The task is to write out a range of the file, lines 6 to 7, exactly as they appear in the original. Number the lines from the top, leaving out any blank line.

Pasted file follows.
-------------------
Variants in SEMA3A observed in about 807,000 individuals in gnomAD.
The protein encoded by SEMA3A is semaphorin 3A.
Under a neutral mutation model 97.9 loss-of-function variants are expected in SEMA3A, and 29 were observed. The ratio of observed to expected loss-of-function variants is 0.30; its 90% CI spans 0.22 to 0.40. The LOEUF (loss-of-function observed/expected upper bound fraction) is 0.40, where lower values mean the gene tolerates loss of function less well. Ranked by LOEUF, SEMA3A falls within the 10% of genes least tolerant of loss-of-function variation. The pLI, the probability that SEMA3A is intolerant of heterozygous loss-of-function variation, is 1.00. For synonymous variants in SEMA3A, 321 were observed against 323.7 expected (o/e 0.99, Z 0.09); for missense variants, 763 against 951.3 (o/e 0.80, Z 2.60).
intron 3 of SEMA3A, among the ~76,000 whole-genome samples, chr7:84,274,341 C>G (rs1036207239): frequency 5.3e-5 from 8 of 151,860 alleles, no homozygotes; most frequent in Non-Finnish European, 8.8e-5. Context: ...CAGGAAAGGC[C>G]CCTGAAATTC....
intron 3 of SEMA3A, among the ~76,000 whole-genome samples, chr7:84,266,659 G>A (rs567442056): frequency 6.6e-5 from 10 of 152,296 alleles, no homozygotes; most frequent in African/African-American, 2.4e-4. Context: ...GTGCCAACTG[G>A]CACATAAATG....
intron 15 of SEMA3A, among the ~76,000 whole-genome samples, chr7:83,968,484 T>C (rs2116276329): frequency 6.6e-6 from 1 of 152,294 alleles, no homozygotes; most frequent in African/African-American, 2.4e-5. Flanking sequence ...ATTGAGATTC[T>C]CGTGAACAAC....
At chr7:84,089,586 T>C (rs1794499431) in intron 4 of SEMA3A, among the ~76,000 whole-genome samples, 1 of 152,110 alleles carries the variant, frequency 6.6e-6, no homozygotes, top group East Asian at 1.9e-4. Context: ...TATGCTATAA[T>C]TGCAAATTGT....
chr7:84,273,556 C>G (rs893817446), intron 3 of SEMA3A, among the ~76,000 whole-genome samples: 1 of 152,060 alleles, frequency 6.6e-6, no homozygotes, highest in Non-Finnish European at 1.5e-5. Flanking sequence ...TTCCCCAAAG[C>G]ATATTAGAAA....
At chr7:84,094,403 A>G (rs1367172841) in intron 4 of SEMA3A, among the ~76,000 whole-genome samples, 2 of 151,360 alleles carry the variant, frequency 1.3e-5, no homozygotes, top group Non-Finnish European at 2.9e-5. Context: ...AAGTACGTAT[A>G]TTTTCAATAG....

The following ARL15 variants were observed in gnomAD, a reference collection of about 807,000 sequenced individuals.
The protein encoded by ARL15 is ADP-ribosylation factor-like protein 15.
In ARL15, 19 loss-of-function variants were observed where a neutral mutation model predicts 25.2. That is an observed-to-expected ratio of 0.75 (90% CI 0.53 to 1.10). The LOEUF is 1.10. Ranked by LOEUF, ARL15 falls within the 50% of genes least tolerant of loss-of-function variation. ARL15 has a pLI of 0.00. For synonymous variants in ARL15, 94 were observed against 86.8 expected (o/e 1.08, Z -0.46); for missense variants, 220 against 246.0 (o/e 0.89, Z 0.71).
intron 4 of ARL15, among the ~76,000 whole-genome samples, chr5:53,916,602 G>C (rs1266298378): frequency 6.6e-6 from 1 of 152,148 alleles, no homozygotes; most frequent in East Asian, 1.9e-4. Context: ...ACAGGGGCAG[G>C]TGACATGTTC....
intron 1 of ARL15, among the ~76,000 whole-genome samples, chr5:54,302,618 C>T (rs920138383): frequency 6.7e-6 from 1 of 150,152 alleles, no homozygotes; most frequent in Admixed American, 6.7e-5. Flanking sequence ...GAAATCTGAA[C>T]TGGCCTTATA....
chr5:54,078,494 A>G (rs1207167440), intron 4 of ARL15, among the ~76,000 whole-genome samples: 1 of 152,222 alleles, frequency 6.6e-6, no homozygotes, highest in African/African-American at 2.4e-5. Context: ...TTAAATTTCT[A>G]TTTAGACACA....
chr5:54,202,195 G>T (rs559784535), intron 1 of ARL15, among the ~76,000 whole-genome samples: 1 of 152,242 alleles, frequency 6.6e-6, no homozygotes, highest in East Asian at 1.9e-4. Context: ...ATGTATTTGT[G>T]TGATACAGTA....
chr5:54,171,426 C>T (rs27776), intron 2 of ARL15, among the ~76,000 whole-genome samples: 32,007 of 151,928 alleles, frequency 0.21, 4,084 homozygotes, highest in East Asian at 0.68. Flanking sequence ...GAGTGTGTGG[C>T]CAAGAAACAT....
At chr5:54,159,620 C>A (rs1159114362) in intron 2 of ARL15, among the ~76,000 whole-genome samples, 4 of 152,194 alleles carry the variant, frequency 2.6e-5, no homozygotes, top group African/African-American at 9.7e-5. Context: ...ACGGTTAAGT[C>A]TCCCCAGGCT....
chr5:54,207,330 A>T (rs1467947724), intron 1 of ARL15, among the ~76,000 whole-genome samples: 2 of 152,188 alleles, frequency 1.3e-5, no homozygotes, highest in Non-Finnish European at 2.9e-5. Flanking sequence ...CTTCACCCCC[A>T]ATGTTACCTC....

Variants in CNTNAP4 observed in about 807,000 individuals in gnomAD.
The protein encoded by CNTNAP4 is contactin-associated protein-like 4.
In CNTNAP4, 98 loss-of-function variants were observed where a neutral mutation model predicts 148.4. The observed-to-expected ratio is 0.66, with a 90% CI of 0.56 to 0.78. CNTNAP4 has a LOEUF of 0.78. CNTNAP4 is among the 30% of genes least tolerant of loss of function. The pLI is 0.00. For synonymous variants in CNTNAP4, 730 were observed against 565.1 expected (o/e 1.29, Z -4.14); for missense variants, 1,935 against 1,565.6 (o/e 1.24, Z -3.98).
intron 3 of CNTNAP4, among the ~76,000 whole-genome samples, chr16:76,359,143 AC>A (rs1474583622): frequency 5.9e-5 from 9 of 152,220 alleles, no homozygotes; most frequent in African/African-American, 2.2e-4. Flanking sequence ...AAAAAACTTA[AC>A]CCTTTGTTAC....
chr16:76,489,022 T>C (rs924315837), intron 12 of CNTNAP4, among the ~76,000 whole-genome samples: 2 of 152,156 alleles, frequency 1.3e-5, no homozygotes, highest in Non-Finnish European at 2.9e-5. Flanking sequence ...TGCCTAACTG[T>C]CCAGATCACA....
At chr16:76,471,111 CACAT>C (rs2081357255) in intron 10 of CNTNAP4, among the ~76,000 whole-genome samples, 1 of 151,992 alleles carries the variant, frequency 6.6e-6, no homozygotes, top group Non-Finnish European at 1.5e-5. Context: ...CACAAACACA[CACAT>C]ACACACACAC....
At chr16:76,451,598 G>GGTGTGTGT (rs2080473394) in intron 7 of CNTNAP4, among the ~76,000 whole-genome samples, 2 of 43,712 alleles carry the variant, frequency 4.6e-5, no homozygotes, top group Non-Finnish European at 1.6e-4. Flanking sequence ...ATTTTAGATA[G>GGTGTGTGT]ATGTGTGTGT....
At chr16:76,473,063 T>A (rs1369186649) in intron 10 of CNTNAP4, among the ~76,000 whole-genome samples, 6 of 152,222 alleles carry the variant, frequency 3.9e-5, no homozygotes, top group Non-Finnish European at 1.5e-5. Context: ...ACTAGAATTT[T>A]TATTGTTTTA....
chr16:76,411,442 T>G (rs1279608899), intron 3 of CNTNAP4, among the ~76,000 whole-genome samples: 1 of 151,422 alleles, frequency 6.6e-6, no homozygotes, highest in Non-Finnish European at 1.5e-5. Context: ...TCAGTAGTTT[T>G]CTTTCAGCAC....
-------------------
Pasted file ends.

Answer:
intron 15 of SEMA3A, among the ~76,000 whole-genome samples, chr7:83,968,484 T>C (rs2116276329): frequency 6.6e-6 from 1 of 152,294 alleles, no homozygotes; most frequent in African/African-American, 2.4e-5. Flanking sequence ...ATTGAGATTC[T>C]CGTGAACAAC....
At chr7:84,089,586 T>C (rs1794499431) in intron 4 of SEMA3A, among the ~76,000 whole-genome samples, 1 of 152,110 alleles carries the variant, frequency 6.6e-6, no homozygotes, top group East Asian at 1.9e-4. Context: ...TATGCTATAA[T>C]TGCAAATTGT....